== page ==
Paradise Papers: The surprising journey your money takes after buying a pair of Nikes
Four Corners with the International Consortium of Investigative Journalists
Extensive efforts by Nike to shift profits from high-tax countries to no-tax countries and minimise its tax bill internationally have been exposed.
An investigation by Four Corners has revealed intricate workings of the world’s largest sportswear retailer’s tax manoeuvring, based on 13.4 million documents revealed in the Paradise Papers leak.
The investigation, in conjunction with the International Consortium of Investigative Journalists from documents obtained by German newspaper Suddeutsche Zeitung, shows Nike’s Australian arm is owned by — and pays large amounts of money to — Nike companies housed in the low-tax destination of the Netherlands.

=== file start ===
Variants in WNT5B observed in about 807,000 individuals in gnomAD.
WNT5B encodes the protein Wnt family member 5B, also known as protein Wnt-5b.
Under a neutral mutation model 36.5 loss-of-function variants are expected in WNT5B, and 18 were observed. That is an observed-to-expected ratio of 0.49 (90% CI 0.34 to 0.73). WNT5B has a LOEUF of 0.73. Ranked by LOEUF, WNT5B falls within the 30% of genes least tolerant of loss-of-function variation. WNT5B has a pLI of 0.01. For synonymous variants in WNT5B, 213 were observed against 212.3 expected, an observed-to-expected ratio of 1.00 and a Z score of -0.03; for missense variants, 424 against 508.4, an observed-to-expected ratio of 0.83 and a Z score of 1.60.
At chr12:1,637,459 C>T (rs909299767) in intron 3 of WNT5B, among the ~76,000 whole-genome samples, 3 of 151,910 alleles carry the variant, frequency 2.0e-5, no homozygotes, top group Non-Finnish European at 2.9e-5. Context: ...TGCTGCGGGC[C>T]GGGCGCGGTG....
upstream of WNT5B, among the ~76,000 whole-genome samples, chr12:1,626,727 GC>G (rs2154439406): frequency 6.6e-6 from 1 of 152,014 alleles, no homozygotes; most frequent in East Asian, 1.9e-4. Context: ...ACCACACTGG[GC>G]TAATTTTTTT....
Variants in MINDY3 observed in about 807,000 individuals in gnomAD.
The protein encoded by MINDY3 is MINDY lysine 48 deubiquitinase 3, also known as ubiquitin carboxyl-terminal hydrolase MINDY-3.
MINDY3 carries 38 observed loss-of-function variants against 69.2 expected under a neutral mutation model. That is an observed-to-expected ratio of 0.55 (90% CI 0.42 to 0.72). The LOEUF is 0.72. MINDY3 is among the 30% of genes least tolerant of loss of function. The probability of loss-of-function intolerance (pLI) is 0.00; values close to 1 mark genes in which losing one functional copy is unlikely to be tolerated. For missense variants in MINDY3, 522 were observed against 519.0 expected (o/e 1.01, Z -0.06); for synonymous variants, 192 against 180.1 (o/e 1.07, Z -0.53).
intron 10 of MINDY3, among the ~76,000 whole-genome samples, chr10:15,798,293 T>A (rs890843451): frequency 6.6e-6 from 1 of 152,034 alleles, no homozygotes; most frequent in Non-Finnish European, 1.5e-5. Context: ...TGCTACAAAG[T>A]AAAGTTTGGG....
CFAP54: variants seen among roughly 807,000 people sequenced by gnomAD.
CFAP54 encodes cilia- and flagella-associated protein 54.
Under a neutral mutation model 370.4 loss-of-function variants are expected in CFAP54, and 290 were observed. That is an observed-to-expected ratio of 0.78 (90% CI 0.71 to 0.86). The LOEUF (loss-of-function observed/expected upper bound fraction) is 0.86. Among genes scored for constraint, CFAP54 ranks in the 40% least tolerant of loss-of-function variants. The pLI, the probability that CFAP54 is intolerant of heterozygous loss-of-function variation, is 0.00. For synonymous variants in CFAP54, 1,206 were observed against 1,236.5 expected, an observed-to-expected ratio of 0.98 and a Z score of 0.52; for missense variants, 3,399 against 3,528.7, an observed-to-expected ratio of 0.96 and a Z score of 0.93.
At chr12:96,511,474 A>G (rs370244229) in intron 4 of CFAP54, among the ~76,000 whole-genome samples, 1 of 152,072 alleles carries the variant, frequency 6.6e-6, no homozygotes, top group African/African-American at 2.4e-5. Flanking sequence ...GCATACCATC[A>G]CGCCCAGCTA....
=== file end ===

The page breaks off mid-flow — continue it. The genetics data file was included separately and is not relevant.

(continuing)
The company’s own filings show that Nike has only paid tax of 1.4 per cent on accumulated global offshore profits of $US12.2 billion.
But how do they do it?
Let’s have a look…
It’s a game called “profit shifting” and it makes tax officials — and the public — angry that profits are moved from high-tax countries to very low-tax countries.
Because that’s less money for roads and schools and hospitals. And fat profits for offshore companies, their lawyers and accountants.
Gardner says: “There is a strong and growing belief that government is not there to serve us and when it’s documented as well as it has been that companies like Apple and Google and Microsoft — these incredibly profitable companies — are just able to use the tax system like a pinata, that just reinforces the belief that no-one cares about the plight of middle income families.”
This Comment recently about Tax Havens is spot on – Mick Raven